There is one word that perfectly describes the novel There, There, and it is powerful. Even the layout of the book is meant for you to really, really concentrate so that you can keep not only the characters straight but their place in it.
Tommy Orange has written a fresh take on the plight of the American Indian, or indigenous peoples. Told from the viewpoint of twelve different voices, the main plot is how and why they are all planning to go to an annual powwow. Some for a good reason, some not so much. From the twelve voices in each chapter, four of them really stand out: Tony, a drug dealer, Opal, all goodness and love who wants to see her child dance at the powwow, Dene who wants to film the event, and Jacquie, Opal’s half-sister. A lot happens from the beginning of the novel to its end at the powwow, and there are some surprises for the reader and much can be taken away that you thought you knew. This author understands his people thoroughly.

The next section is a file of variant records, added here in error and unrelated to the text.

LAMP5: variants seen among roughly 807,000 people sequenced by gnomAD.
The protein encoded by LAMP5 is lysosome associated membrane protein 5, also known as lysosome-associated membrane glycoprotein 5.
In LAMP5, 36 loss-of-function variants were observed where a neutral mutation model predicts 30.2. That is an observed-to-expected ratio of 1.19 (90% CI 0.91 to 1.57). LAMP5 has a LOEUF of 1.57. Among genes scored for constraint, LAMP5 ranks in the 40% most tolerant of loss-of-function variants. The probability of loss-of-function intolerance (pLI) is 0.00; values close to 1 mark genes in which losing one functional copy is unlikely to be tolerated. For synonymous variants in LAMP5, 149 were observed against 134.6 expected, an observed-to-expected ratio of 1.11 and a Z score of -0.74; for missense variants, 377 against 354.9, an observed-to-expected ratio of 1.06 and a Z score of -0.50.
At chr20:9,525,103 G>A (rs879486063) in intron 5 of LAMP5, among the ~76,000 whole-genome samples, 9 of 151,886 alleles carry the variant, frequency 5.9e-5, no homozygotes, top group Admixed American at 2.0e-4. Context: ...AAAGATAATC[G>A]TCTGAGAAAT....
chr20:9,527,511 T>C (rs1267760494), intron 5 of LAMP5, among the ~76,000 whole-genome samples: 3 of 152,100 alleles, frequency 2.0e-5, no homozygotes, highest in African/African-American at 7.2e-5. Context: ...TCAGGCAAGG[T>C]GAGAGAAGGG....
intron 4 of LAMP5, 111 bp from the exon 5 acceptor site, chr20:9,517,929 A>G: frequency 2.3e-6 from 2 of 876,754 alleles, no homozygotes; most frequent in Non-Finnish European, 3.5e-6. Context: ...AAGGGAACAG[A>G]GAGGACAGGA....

There, There was read by the Library’s Friday afternoon book discussion, and it was interesting how the group tried to explain their feelings. You could say you liked it, but none would recommend it as it is so sad. Some of the group loved the layout of different chapters eventually coming together at the end, some felt it was tiring to keep going back and forth to try to keep all that was happening straight.
This award winning novel is probably on its way to being considered an American Classic and will end up being read in the schools. It deserves a lot of respect and reflection.